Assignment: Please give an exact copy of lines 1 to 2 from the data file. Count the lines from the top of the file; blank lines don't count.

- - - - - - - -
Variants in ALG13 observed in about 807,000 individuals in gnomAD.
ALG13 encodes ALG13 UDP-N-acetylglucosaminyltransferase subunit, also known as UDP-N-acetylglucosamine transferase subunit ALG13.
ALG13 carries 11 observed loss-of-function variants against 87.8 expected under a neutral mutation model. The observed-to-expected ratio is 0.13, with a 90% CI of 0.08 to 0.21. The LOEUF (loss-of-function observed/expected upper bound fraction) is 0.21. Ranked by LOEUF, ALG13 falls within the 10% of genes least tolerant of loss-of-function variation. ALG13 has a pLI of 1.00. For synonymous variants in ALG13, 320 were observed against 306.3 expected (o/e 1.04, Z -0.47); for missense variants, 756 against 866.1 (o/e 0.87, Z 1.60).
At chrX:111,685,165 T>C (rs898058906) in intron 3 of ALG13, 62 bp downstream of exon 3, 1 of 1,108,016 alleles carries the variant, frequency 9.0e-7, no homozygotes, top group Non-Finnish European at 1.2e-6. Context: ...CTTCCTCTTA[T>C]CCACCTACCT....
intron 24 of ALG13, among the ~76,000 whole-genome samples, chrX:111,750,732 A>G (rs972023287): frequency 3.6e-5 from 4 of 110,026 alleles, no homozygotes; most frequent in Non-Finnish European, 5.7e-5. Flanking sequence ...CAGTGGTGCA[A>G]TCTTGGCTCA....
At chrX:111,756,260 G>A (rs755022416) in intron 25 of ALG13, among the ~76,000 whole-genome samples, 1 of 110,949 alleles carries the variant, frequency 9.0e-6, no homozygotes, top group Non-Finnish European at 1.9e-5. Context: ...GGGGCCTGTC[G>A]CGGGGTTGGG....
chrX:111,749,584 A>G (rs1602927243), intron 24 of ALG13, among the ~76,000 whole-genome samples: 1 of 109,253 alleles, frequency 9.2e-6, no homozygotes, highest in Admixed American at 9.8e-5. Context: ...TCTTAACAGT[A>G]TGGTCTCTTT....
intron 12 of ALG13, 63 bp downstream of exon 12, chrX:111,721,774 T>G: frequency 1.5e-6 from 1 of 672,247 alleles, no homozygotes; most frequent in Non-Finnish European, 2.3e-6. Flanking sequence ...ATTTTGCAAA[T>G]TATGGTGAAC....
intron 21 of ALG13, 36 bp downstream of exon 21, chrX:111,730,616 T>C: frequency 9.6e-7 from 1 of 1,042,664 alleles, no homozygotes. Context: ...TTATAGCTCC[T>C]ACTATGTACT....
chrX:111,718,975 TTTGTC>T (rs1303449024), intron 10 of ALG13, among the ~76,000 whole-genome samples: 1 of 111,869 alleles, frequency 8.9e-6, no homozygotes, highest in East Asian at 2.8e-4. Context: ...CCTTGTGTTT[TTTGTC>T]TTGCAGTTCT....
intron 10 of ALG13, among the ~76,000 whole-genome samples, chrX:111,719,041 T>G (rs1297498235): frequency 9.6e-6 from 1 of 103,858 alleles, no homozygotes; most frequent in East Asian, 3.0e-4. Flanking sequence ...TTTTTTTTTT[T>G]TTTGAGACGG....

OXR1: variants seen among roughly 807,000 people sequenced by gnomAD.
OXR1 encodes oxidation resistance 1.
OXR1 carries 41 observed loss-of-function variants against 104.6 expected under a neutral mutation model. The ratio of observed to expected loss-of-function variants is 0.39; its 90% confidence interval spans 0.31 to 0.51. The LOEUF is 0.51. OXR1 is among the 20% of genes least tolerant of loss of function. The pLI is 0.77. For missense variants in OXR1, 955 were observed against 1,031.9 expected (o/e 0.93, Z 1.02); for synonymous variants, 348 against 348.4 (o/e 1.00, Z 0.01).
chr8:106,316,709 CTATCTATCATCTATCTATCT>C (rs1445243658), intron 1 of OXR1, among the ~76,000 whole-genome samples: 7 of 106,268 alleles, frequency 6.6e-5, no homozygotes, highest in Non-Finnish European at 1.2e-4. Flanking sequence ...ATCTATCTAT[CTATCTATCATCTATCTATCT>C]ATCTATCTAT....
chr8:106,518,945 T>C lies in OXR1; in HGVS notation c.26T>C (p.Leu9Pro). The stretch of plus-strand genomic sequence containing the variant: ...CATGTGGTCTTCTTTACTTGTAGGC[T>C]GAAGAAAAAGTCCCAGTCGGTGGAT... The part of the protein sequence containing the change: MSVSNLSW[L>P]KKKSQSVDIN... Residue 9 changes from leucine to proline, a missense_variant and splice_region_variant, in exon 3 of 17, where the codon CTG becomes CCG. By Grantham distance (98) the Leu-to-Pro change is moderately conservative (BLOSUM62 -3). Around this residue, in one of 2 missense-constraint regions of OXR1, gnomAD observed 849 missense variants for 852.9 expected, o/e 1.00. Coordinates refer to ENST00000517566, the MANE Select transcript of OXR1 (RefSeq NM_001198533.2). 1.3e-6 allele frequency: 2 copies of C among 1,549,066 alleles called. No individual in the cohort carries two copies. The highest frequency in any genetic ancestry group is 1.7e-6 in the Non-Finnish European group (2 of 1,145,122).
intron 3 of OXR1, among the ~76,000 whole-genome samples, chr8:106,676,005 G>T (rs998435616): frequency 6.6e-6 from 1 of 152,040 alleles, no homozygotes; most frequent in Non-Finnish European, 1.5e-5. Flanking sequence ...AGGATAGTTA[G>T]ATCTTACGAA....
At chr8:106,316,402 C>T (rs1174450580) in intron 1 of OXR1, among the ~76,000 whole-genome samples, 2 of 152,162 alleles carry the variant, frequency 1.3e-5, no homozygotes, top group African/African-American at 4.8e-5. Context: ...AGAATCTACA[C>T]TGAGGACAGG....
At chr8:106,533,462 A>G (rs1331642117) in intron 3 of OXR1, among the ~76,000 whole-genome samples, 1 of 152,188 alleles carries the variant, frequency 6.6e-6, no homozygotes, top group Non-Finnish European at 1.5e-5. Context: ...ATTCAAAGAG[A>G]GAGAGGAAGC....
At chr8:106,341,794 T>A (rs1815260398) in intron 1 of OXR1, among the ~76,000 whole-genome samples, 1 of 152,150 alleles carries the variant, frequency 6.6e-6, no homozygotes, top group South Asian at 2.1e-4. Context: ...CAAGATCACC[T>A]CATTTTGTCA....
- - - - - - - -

Variants in ALG13 observed in about 807,000 individuals in gnomAD.
ALG13 encodes ALG13 UDP-N-acetylglucosaminyltransferase subunit, also known as UDP-N-acetylglucosamine transferase subunit ALG13.